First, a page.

This memory, therefore, records general information about itself, without reference to a given context – our marital status, the names of our relatives, etc. – and unique memories distinctive to oneself – lived events located in time and space accompanied by their perceptive-sensory details. Over time, the construction of our sense of identity and continuity is primarily the result of this autobiographical memory.

Little madeleines or sensory memory

“(My mother) sent out for one of those short, plump little cakes called ‘little madeleines,’ which look as though they had been molded in the fluted scallop of a pilgrim’s shell. And soon, mechanically, weary after a dull day with the prospect of a depressing morrow, I raised to my lips a spoonful of the tea in which I had soaked a morsel of the cake. No sooner had the warm liquid, and the crumbs with it touched my palate, a shudder ran through my whole body, and I stopped, intent upon the extraordinary changes that were taking place. An exquisite pleasure had invaded my senses […].”

“And suddenly the memory returns. The taste was that of the little crumb of madeleine which on Sunday mornings at Combray […] my aunt Léonie used to give me, dipping it first in her own cup of real or of lime-flower tea.”

“But when from a long-distant past nothing subsists, after the people are dead, after the things are broken and scattered, still, alone, more fragile, but with more vitality, more unsubstantial, more persistent, more faithful, the smell and taste of things remain poised a long time, like souls, ready to remind us, waiting and hoping for their moment, amid the ruins of all the rest; and bear unfaltering, in the tiny and almost impalpable drop of their essence, the vast structure of recollection.”

Excerpt from: Marcel Proust, Remembrance of Things Past, Volume 1: Swann’s Way & Within a Budding Grove, 1913.

In Search of Lost Time

From Proust’s intuitions triggered by his Little Madeleines to the latest neuroscientific discoveries, going through the advancements in psychology, we have many pieces that help us recompose the puzzle of our memory … at least in part. Might be because it is still careful not to reveal all its mysteries. Moreover, if we ever manage to decipher all the codes, it’s a safe bet to say that this fabulous machine, which allows us nothing less than to have been, to be and become, will never cease to fascinate us.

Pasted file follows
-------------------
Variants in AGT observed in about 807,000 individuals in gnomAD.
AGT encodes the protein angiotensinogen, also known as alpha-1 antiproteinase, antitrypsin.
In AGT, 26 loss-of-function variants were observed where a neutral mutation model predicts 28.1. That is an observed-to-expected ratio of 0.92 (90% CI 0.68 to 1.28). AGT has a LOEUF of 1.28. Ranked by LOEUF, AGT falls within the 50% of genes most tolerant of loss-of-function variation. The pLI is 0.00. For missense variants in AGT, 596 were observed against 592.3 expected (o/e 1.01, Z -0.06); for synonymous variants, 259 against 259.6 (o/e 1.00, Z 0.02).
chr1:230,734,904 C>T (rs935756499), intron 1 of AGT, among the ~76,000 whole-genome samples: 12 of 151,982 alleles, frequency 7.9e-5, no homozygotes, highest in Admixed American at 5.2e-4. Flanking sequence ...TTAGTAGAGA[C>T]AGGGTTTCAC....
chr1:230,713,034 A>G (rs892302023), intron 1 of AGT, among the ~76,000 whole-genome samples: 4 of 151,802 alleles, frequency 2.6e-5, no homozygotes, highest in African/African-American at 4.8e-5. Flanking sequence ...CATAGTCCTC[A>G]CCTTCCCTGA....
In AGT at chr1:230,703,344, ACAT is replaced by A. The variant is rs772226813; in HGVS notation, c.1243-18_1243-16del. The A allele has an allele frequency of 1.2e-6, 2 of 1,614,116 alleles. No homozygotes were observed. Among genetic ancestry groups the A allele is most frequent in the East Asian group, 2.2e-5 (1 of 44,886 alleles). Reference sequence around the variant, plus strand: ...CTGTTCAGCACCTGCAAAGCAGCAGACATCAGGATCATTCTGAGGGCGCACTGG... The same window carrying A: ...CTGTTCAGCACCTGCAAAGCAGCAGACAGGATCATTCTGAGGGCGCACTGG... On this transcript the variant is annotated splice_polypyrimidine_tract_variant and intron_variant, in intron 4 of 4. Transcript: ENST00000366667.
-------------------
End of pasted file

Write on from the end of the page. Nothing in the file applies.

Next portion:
Fascinating discoveries

To better memorize: breathe through the nose!

The way we breathe and the breathing phase (inspiration or expiration) have an impact on our memory. These are the astonishing findings of an American study published in 2016.

Olfactory oscillation was already known, a phenomenon that causes the olfactory system’s neurons to activate when the air enters the nose through the receptors at the end of the nasal hair. It was also known that there were four types of olfactory oscillations, some associated with learning and memory.

What the 2016 study has brought to light is the fact that the information is better stored if, at the moment when one takes knowledge of the information to memorize, one inspires by the nose. The expiration by the nose as well as breathing by the mouth (inspiration and expiration) do not have the same effect since it is the entry of air through the nostrils which allows the olfactory oscillations.

Memories transmitted by genes

Your DNA may well contain the memory of your ancestors, and it is not a figure of speech! This is suggested by experiments conducted on mice at Emory University whose results were published in 2013 in the journal Nature Neuroscience. As part of this work, the mice were trained to develop the fear of a smell similar to that of cherry flowers; training in which researchers noticed changes in the spermatozoa of rodents – part of the DNA that plays a role in the sensitivity of the smell to cherry flowers had become more active.